After all this activity, we were glad to be back on board for the trip to Victoria, BC, which took from 1:30pm Friday until 6pm Saturday. It felt good to stay on board for a change and to rest up a bit. This was our closest stretch of open-ocean, with only the sea to look at, and the hypnotizing motion of the waves and the ship. We weren’t in Victoria long enough to do anything but stroll through the waterfront park for a bit, and explore the Museum gift shop – everyone bought some momento. Leaving there at midnight, we were docked in Seattle by 8am, and escorted efficiently off the ship – which was making ready to begin another cruise at 4 that afternoon. Amazing!

Sunday.We had a parting lunch at Pike Place before exploring Chinatown before some having to fly home. The remaining five of us took off in a rental car for Vancouver, BC. It was again a clear day, and we enjoyed the drive, even the easy passage into Canada. We got to the Victoria Hotel in time to settle in before dinner. It’s beautifully restored old brownstones, but in a distinctly seedy (transitional is the polite word) neighborhood. We did find a near-Eastern restaurant for supper, and then early bed.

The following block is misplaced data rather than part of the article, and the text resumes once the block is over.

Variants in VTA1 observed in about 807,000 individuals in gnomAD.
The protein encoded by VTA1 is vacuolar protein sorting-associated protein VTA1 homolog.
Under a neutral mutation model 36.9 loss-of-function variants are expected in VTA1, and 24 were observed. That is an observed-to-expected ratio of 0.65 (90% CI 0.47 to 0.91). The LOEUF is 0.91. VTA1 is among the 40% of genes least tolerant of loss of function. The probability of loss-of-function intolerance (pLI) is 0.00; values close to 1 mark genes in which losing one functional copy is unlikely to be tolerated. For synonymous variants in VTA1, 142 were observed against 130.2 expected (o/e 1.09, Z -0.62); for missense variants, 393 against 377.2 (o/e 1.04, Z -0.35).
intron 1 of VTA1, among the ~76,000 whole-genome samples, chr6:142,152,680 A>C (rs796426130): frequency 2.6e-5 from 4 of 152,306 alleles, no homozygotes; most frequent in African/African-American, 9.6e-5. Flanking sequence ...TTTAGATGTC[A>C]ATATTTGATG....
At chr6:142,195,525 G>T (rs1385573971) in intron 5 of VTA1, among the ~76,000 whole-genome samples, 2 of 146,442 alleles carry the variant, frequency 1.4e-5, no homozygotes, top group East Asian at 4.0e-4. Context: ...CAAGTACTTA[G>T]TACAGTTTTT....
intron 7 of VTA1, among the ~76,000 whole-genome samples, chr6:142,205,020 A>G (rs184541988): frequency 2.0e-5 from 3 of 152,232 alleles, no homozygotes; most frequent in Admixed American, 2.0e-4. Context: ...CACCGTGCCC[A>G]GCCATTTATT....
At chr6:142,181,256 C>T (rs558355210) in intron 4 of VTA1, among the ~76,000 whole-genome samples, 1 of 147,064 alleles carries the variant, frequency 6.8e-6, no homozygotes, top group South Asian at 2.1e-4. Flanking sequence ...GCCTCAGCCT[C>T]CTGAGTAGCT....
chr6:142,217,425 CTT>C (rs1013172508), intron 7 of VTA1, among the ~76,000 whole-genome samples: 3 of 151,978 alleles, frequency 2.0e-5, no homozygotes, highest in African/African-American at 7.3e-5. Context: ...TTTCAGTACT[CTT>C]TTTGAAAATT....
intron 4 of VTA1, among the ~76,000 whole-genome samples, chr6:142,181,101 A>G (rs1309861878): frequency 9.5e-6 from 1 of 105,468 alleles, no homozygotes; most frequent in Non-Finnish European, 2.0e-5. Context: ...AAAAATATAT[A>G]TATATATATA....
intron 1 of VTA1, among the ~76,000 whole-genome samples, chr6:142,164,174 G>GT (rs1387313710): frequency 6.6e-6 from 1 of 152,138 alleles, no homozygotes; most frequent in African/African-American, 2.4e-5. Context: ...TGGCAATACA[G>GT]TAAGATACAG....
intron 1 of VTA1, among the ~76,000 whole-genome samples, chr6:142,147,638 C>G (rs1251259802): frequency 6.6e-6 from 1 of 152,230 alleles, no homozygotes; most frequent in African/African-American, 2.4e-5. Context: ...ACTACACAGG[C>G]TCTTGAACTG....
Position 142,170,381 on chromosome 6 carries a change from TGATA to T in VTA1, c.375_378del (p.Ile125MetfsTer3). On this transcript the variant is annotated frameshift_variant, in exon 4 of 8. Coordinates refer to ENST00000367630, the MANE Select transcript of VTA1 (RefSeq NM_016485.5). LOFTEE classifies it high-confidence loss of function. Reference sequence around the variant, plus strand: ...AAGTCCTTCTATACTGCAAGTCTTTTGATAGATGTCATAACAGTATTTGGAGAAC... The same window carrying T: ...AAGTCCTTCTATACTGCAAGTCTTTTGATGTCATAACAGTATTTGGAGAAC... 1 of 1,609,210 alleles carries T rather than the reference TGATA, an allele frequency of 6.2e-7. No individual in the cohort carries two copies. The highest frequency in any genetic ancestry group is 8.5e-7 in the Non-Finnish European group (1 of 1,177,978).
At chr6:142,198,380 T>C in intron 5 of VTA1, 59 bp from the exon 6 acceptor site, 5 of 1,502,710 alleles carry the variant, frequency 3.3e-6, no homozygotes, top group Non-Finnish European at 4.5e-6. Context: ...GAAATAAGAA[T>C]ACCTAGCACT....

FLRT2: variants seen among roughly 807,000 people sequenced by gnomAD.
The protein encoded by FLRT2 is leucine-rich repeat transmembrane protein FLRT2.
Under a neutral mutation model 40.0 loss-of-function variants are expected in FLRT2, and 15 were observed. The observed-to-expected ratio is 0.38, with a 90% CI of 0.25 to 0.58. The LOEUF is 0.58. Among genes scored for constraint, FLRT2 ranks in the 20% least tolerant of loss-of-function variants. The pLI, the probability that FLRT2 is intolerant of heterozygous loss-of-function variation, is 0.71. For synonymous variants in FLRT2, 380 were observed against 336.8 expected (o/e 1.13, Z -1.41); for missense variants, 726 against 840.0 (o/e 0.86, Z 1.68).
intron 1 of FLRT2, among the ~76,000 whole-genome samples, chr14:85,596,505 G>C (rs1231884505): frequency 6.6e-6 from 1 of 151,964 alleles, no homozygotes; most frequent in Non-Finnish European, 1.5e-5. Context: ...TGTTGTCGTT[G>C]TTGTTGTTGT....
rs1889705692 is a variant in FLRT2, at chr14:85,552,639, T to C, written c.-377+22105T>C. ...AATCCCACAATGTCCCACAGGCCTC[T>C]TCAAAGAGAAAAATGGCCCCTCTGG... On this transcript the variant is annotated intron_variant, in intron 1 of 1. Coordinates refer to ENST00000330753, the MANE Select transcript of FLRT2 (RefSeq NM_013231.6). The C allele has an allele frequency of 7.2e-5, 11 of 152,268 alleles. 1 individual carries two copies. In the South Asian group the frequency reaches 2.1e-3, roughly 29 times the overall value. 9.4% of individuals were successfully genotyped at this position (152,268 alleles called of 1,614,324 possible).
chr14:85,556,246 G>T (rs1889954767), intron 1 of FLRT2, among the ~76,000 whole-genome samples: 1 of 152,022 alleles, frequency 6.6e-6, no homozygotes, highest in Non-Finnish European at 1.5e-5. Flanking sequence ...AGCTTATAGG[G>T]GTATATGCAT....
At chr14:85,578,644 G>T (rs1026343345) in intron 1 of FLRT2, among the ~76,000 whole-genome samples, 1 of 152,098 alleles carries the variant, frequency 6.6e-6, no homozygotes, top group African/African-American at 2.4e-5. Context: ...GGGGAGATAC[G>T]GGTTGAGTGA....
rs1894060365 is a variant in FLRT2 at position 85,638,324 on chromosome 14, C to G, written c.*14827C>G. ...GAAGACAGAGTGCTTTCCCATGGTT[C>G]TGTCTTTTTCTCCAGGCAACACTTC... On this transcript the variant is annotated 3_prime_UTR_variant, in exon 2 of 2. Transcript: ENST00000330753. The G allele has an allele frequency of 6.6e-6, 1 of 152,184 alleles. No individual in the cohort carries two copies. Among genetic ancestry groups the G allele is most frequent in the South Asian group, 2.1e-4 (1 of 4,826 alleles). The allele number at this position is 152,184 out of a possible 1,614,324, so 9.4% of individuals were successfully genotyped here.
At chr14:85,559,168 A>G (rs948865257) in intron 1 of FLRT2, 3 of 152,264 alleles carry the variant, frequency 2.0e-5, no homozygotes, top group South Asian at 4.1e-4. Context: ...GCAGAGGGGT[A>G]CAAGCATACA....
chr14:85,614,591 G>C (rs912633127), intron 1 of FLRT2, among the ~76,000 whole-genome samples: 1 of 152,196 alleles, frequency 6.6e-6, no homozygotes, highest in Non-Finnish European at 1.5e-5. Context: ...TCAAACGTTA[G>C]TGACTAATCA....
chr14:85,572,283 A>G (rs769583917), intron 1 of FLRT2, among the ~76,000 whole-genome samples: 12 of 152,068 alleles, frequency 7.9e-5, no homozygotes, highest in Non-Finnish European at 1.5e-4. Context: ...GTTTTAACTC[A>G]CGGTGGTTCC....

Monday .The next day was very busy – we started with a drive through Stanley Park,enjoying all the views of the city, the water and the mountains. Then we went to Grenville Island, where there are many crafts shops and restaurants. We had lunch at the enormous farmer’s market where one could buy quantities of almost any food known to man. Across the street was the best musical instrument store I’ve ever seen – folk instruments from all over the world, and a delightful young man who would play any of them. I told him I’d like to move in!